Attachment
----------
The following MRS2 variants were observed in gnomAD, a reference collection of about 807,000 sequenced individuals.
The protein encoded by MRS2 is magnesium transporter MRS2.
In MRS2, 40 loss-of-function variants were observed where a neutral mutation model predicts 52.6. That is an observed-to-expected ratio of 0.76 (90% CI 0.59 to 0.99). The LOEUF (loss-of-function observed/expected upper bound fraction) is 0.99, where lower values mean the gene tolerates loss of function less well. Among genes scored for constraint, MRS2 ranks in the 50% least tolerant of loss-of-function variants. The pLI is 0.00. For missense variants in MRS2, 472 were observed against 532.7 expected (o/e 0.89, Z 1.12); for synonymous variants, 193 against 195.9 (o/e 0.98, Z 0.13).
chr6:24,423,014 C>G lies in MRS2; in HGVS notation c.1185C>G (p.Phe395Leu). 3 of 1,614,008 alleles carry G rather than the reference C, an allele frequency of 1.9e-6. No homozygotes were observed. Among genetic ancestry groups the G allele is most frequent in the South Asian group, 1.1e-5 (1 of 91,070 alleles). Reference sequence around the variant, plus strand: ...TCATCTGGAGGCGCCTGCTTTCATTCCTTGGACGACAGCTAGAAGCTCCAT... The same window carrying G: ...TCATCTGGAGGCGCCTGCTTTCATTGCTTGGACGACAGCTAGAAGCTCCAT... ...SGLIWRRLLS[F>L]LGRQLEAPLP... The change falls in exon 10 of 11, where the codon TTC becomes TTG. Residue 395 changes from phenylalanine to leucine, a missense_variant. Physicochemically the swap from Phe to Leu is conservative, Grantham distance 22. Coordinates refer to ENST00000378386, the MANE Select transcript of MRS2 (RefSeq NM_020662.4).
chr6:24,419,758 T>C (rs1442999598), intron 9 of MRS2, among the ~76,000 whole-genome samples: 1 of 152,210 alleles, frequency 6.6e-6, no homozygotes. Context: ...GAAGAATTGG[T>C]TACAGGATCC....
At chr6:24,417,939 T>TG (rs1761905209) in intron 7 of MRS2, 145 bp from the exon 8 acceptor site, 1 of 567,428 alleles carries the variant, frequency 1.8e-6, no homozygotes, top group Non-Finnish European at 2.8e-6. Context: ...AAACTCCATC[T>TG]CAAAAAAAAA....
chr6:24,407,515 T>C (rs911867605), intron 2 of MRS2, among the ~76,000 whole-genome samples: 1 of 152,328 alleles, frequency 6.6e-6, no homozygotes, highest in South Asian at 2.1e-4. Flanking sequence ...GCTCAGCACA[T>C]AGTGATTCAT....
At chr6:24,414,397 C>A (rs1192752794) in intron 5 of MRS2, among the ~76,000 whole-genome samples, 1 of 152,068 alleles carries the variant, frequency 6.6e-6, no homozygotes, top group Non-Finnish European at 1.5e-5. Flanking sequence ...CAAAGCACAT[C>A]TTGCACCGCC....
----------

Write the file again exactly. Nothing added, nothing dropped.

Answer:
The following MRS2 variants were observed in gnomAD, a reference collection of about 807,000 sequenced individuals.
The protein encoded by MRS2 is magnesium transporter MRS2.
In MRS2, 40 loss-of-function variants were observed where a neutral mutation model predicts 52.6. That is an observed-to-expected ratio of 0.76 (90% CI 0.59 to 0.99). The LOEUF (loss-of-function observed/expected upper bound fraction) is 0.99, where lower values mean the gene tolerates loss of function less well. Among genes scored for constraint, MRS2 ranks in the 50% least tolerant of loss-of-function variants. The pLI is 0.00. For missense variants in MRS2, 472 were observed against 532.7 expected (o/e 0.89, Z 1.12); for synonymous variants, 193 against 195.9 (o/e 0.98, Z 0.13).
chr6:24,423,014 C>G lies in MRS2; in HGVS notation c.1185C>G (p.Phe395Leu). 3 of 1,614,008 alleles carry G rather than the reference C, an allele frequency of 1.9e-6. No homozygotes were observed. Among genetic ancestry groups the G allele is most frequent in the South Asian group, 1.1e-5 (1 of 91,070 alleles). Reference sequence around the variant, plus strand: ...TCATCTGGAGGCGCCTGCTTTCATTCCTTGGACGACAGCTAGAAGCTCCAT... The same window carrying G: ...TCATCTGGAGGCGCCTGCTTTCATTGCTTGGACGACAGCTAGAAGCTCCAT... ...SGLIWRRLLS[F>L]LGRQLEAPLP... The change falls in exon 10 of 11, where the codon TTC becomes TTG. Residue 395 changes from phenylalanine to leucine, a missense_variant. Physicochemically the swap from Phe to Leu is conservative, Grantham distance 22. Coordinates refer to ENST00000378386, the MANE Select transcript of MRS2 (RefSeq NM_020662.4).
chr6:24,419,758 T>C (rs1442999598), intron 9 of MRS2, among the ~76,000 whole-genome samples: 1 of 152,210 alleles, frequency 6.6e-6, no homozygotes. Context: ...GAAGAATTGG[T>C]TACAGGATCC....
At chr6:24,417,939 T>TG (rs1761905209) in intron 7 of MRS2, 145 bp from the exon 8 acceptor site, 1 of 567,428 alleles carries the variant, frequency 1.8e-6, no homozygotes, top group Non-Finnish European at 2.8e-6. Context: ...AAACTCCATC[T>TG]CAAAAAAAAA....
chr6:24,407,515 T>C (rs911867605), intron 2 of MRS2, among the ~76,000 whole-genome samples: 1 of 152,328 alleles, frequency 6.6e-6, no homozygotes, highest in South Asian at 2.1e-4. Flanking sequence ...GCTCAGCACA[T>C]AGTGATTCAT....
At chr6:24,414,397 C>A (rs1192752794) in intron 5 of MRS2, among the ~76,000 whole-genome samples, 1 of 152,068 alleles carries the variant, frequency 6.6e-6, no homozygotes, top group Non-Finnish European at 1.5e-5. Flanking sequence ...CAAAGCACAT[C>A]TTGCACCGCC....